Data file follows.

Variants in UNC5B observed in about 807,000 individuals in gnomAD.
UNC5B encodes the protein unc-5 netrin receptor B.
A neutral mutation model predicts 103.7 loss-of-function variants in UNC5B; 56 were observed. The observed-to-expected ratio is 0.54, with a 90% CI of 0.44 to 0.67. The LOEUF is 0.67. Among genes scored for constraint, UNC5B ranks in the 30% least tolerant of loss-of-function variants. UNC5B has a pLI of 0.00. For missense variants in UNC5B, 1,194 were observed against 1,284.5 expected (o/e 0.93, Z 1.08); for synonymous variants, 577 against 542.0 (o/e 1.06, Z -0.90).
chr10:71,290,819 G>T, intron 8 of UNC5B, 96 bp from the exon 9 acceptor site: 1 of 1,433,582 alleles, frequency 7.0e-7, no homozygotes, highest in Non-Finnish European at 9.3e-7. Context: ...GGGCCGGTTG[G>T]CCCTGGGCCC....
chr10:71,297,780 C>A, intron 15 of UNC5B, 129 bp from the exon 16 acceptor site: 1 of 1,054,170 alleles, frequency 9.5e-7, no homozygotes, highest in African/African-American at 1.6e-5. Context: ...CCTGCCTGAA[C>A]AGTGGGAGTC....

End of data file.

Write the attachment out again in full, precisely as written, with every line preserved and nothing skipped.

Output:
Variants in UNC5B observed in about 807,000 individuals in gnomAD.
UNC5B encodes the protein unc-5 netrin receptor B.
A neutral mutation model predicts 103.7 loss-of-function variants in UNC5B; 56 were observed. The observed-to-expected ratio is 0.54, with a 90% CI of 0.44 to 0.67. The LOEUF is 0.67. Among genes scored for constraint, UNC5B ranks in the 30% least tolerant of loss-of-function variants. UNC5B has a pLI of 0.00. For missense variants in UNC5B, 1,194 were observed against 1,284.5 expected (o/e 0.93, Z 1.08); for synonymous variants, 577 against 542.0 (o/e 1.06, Z -0.90).
chr10:71,290,819 G>T, intron 8 of UNC5B, 96 bp from the exon 9 acceptor site: 1 of 1,433,582 alleles, frequency 7.0e-7, no homozygotes, highest in Non-Finnish European at 9.3e-7. Context: ...GGGCCGGTTG[G>T]CCCTGGGCCC....
chr10:71,297,780 C>A, intron 15 of UNC5B, 129 bp from the exon 16 acceptor site: 1 of 1,054,170 alleles, frequency 9.5e-7, no homozygotes, highest in African/African-American at 1.6e-5. Context: ...CCTGCCTGAA[C>A]AGTGGGAGTC....